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Homework Help: How to find r in the equation P(5,r)=20

  1. May 5, 2005 #1
    how would you solve for r in this situation:

    P(5, r) = 20

    Now I understand you cant use trial and error to find that r=2 but is there any other way using an algebraic technique. Itried something like this..
    [tex] \frac{5!}{(5-r)!}=20[/tex]

    now i don't know what to do next
  2. jcsd
  3. May 5, 2005 #2
    Express 6 as a factorial.
  4. May 5, 2005 #3
    And consider what [tex](5-r)![/tex] means.

    [tex](5-r)! = (5-r)*(5-r-1)*(5-r-2)[/tex] etc...

    That with whozum's help should help you see the cancellation (hint).
  5. May 5, 2005 #4
    ahh i see then you get 3!=(5-r)!, then cancel out the factorials and you get 3=5-r.. solve for r .. r=2 .. thanks, thats been bothering me alot

    i got another question but im not sure if it has to do with permutations or but it has a similar subject. should i post it in this topic?
  6. May 5, 2005 #5
    Go ahead. Also I didnt check your work on the first one, but if all is correct til the last step then r = 2.
  7. May 5, 2005 #6
    3 Canadians, 4 Americans, and 2 Mexicans attend a trade conference.

    a) In how many ways can they be sated in a row if people of the same nationality are to be seated next to eachother?

    b) redo (a) if they sit at a round table

    for a) the way i look at it is for the canadians there are three ways which they can be seated so you get 3!, then same for the americans and mexicans getting 4! and 2! respectively. Then you have a total of three nationalities which means they can be switched around giving you 3!.. Therefore in total you get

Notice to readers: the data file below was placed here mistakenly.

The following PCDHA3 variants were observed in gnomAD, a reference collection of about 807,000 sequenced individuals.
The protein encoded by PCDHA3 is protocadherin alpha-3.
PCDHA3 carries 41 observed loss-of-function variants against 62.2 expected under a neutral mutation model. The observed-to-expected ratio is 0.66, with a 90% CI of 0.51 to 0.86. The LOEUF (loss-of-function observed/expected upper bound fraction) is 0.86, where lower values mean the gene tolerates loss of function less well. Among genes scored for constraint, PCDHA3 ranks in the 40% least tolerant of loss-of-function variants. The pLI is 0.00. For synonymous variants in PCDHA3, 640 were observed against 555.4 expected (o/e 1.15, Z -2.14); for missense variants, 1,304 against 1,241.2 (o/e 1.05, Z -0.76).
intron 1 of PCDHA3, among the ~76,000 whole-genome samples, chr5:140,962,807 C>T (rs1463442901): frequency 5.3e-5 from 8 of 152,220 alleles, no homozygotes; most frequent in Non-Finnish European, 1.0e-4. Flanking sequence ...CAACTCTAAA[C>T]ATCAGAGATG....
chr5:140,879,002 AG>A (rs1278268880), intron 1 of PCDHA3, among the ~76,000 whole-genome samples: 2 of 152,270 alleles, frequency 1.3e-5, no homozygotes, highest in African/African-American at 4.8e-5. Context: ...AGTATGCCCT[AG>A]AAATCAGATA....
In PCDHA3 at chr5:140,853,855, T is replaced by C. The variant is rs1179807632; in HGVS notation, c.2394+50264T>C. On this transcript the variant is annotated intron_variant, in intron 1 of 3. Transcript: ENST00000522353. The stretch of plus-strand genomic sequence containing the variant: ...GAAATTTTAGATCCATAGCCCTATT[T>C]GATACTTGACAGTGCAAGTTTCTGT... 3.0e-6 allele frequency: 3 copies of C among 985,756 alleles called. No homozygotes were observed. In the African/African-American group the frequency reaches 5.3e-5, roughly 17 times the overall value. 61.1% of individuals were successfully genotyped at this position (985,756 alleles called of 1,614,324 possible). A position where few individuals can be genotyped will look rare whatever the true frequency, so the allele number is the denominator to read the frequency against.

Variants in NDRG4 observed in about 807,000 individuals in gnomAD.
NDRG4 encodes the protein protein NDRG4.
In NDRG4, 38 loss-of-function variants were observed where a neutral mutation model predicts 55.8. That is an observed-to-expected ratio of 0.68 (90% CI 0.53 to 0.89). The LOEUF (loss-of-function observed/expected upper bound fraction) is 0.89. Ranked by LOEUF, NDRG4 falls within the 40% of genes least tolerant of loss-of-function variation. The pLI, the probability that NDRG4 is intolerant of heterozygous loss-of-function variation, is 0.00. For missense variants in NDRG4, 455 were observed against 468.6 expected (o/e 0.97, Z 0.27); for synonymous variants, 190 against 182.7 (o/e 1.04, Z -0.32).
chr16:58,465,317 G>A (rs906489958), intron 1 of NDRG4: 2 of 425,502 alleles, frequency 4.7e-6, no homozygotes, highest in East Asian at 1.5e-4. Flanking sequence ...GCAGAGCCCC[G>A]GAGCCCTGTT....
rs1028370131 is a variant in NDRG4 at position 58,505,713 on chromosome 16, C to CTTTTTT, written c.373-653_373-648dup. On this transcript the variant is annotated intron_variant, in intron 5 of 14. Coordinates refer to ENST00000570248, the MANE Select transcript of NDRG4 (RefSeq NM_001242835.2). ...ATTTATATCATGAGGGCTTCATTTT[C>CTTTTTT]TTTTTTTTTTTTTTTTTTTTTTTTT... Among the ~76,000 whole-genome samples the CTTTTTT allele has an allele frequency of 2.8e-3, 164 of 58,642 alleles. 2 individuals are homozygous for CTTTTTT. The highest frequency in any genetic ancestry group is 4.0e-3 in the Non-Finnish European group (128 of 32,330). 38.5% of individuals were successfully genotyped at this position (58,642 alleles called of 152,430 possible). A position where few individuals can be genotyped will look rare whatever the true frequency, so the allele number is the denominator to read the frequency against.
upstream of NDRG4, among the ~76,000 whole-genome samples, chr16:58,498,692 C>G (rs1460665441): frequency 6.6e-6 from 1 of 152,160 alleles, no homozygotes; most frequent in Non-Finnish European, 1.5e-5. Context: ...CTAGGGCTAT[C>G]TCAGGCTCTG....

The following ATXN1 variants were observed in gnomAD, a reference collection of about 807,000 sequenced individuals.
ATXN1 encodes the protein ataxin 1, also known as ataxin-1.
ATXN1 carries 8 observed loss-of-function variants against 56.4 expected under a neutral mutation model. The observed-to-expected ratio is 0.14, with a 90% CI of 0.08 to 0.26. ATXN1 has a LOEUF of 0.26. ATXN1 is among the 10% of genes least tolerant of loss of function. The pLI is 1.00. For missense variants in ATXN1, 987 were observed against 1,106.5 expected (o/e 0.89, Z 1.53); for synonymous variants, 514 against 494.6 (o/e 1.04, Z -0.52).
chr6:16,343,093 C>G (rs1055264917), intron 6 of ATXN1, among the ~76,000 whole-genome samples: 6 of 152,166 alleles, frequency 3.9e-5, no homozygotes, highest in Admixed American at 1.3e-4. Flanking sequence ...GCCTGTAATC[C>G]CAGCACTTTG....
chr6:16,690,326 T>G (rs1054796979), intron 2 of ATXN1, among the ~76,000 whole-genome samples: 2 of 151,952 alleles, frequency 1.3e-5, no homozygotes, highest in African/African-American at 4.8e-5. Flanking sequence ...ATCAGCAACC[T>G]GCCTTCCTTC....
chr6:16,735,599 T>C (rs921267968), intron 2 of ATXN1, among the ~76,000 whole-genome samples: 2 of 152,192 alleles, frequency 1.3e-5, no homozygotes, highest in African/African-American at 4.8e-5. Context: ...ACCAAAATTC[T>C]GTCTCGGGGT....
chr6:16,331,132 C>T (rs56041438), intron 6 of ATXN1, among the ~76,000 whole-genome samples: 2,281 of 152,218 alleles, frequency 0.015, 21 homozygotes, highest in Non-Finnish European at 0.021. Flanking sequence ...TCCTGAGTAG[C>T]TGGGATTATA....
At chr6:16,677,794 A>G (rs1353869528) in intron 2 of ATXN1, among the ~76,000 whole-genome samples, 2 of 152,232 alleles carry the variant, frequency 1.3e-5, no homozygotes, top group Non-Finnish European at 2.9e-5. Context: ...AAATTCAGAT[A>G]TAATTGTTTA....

not sure if thats right

    b)im pretty sure this is wrong but heres what im thinking
  8. May 5, 2005 #7
    any takers?
  9. May 5, 2005 #8
    k scratch what i did for (b) i just figured out thats wrong.. assuming what i did in (a) was right, then (b) should be something like
    [tex]1\bullet2!(1\bullet2!+1\bullet3! +1\bullet1!)[/tex]
    [tex]=2(9) = 18[/tex]
  10. May 6, 2005 #9


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    {# in C Block} = 3
    {# in A Block} = 4
    {# in M Block} = 2

    There are (3!) arrangements of the 3 Block Units. For each Block Unit arrangement, there are (3!) sub-arrangements within the "C" Block, (4!) sub-arrangements within the "A" Block, and (2!) sub-arrangements within the "M" Block.
    {Total Arrangements} = (3!)*{(3!)*(4!)*(2!)}

    The round table has 9 chairs. Let the chair closest to North direction be designated "N". Chair "N" will be occupied by a member of EITHER "C", "A", or "M". If it's "C", there are 3 possible Block positions relative to "N" (0 members right of "N", 1 member right of "N", & 2 members right of "N"). For each relative position, there are (3!) sub-arrangements. Further, the 2 remaining Blocks ("A" & "M") have 2 possible relative positions (to left of "N" or to right of "N"), with (4!) sub-arrangements within "A" Block and (2!) sub-arrangements within "M" Block. Thus, total arrangements possible when "C" Block occupies chair "N" is:
    {(3)*(3!)}*(2)*{(4!)*(2!)} ::: <--- "C" occupies "N"
    Calculate similar results for cases when Blocks "A" & "M" occupy chair "N", and add all three results together for total number of arrangements:
    {(3)*(3!)}*(2)*{(4!)*(2!)} + ????? + ?????

  11. May 6, 2005 #10
    so for b) you get

    [3(3!)][2(4!2!)] + [2(2!)][2(3!4!] + [4(4!)][2(3!2!)]

    Alright thanks
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